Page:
listen to others

Before using VoiceThread in an online setting, I tested the program on my traditional classes. Both literature and language students alike really took to the program. While teaching Don Quixote, students used VoiceThread as their own personal confessional, suggesting topics that they would never ask in class. In language classes, there was a high level of participation from all students. VoiceThread gave all students their own voice in discussions, breaking down the affective filters most students carry with them into a language classroom.

However, it is important to note that VoiceThread is not only for the foreign languages. In the library of threads, the program has been incorporated into science classes, digital storytelling, and study abroad.

To my surprise, I have received unsolicited e-mails thanking me for using VoiceThread in the online class. I even received positive comments from my traditional face-to-face students. However, there have been some drawbacks. First, I ran through the free offerings rather quickly. I was allowed to create a mere three threads, but that was enough to reel me in and get me to spend the $99 for a Pro account. With the upgrade, I have only encountered minor limitations. For example, while a student is able to record their presentation via telephone she is only allowed to record for three minutes, after which she must pay to use this method. However, the ease of the program and my students' enthusiasm for VoiceThread makes it all worthwhile.


1. deliajones - August 24, 2010 at 08:46 am

Does anyone who has experience with Blackboard's Wimba Voice Board have any ideas about whether it is as good as VoiceThread? Wimba is free, of course, to users of Blackboard--is VoiceThread worth the cost?

Also, how do students post with their cell phones?

2. george_h_williams - August 24, 2010 at 09:06 am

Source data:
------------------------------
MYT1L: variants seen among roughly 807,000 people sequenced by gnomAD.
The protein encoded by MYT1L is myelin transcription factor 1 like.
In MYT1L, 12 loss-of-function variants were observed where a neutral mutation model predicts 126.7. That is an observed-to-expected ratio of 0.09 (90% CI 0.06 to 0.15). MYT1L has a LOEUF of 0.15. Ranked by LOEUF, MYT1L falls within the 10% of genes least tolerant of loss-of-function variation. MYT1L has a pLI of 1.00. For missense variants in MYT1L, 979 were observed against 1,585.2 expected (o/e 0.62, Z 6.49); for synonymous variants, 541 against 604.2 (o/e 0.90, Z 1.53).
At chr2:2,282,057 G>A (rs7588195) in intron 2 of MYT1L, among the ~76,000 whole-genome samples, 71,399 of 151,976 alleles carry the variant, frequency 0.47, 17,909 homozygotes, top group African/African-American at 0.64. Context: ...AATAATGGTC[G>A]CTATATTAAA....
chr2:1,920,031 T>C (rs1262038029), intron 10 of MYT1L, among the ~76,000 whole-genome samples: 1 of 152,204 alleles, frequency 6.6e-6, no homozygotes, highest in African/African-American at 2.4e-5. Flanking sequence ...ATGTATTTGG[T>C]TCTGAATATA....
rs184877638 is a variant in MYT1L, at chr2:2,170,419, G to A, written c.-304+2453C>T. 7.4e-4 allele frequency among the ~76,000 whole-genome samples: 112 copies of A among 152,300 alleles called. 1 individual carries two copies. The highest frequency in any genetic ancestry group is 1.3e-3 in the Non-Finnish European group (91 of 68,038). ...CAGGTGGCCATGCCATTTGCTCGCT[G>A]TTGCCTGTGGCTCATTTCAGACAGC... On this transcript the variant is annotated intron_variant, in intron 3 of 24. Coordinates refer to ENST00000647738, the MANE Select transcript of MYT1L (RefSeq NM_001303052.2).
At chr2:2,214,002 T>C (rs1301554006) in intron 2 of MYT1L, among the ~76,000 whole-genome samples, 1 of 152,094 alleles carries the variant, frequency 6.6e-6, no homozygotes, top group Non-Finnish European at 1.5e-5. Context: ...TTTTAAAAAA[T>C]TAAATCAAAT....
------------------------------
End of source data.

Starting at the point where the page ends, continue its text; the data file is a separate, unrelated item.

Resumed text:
Wimba Voice Board is audio only, but VoiceThread allows the inclusion of images and video. Here's a video explaining how to use a cell phone (or any phone) with VoiceThread.

3. deliajones - August 24, 2010 at 11:17 am


Thanks so much!

4. eetempleton - August 24, 2010 at 11:20 am

Wow--this sounds really cool! Thanks Shannon.

5. sweetlandwc - August 25, 2010 at 07:26 am

Faculty in my unit have also had success using VoiceThread for peer review of multimodal writing, and in a course on digital photo essays, students chose to use it as a presentation platform as well -- so it's really flexible!

6. alaskacurt - August 25, 2010 at 08:00 am

We have been using Voice Thread for Introductory Mongolian. It is a fine tool.

7. ctel_furman - August 25, 2010 at 09:47 am

VoiceThread appears to be a powerful way to collaborate around many types of media. I've been experimenting with text, and this aspect seems limited. It would be great if you could upload a pdf and zoom in on a particular section while commenting; however zooming seems to be disabled when commenting, so it's difficult to focus in on an area of interest. The workaround is fairly cumbersome.

Great tool for collaboration. Some additional features to help with commenting on text would really round out the product.

8. jmagoto - August 25, 2010 at 10:34 am

I use and like Voicethread, too, especially in working with pre-service teachers when we're learning ways of observing and reflecting on specific aspects of what goes on in a language classroom.

Other examples of free web-based speech tools for FL educators include ANVILL from the U. of Oregon, and RIA from Michigan State.

9. 22235353 - August 25, 2010 at 11:37 am

@deliajones VoiceThread is free for 3 threads.

10. svigallon - August 25, 2010 at 01:56 pm

What do you do if you have a deaf student in your class?

11. ychumanities - August 26, 2010 at 10:22 pm

I've really enjoyed using Voicethread in my online Western Civ class. I break up the students into groups, and have them each create a "news report" from the Roman Empire, with images, audio interviews and some even record video and upload it into the presentation. It gives online students a chance to actually see and hear their classmates.